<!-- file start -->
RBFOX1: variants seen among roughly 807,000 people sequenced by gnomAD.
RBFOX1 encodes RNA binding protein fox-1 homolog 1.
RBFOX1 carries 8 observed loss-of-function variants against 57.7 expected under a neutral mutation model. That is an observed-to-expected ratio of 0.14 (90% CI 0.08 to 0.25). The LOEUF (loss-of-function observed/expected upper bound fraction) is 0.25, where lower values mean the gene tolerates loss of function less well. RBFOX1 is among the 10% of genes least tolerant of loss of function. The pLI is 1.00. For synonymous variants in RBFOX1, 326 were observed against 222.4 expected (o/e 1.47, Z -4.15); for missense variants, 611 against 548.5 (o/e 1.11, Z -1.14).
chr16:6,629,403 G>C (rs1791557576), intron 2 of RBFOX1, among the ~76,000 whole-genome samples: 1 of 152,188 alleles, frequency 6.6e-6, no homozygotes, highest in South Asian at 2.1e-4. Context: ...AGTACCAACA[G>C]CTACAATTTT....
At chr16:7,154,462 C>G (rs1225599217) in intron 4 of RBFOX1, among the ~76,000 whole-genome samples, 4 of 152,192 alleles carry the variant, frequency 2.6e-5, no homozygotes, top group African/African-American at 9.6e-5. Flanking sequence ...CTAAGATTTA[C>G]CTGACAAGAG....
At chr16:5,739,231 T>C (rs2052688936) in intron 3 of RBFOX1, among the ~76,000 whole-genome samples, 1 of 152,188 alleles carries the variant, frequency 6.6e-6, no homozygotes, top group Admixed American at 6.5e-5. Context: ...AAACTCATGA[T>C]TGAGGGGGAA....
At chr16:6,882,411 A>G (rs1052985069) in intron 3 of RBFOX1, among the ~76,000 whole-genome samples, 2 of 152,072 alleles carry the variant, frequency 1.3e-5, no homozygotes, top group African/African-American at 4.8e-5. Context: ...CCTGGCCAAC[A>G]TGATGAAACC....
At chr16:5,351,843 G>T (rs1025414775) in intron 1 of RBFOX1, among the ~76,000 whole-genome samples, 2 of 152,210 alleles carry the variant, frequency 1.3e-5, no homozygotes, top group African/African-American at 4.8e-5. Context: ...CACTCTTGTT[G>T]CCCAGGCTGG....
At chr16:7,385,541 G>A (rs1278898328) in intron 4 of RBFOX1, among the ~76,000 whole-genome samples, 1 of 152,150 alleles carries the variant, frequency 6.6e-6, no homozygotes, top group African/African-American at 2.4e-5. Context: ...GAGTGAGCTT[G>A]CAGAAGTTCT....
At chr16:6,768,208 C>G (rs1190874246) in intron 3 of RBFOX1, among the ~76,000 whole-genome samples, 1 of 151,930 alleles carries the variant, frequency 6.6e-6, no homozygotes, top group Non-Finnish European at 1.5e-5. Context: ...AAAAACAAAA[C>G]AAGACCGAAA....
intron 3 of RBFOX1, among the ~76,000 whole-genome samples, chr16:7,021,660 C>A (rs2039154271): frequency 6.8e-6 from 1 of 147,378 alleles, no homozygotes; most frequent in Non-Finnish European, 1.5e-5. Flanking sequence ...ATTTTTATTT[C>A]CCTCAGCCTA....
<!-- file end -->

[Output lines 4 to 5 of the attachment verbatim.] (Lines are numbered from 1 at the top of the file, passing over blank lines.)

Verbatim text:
chr16:6,629,403 G>C (rs1791557576), intron 2 of RBFOX1, among the ~76,000 whole-genome samples: 1 of 152,188 alleles, frequency 6.6e-6, no homozygotes, highest in South Asian at 2.1e-4. Context: ...AGTACCAACA[G>C]CTACAATTTT....
At chr16:7,154,462 C>G (rs1225599217) in intron 4 of RBFOX1, among the ~76,000 whole-genome samples, 4 of 152,192 alleles carry the variant, frequency 2.6e-5, no homozygotes, top group African/African-American at 9.6e-5. Flanking sequence ...CTAAGATTTA[C>G]CTGACAAGAG....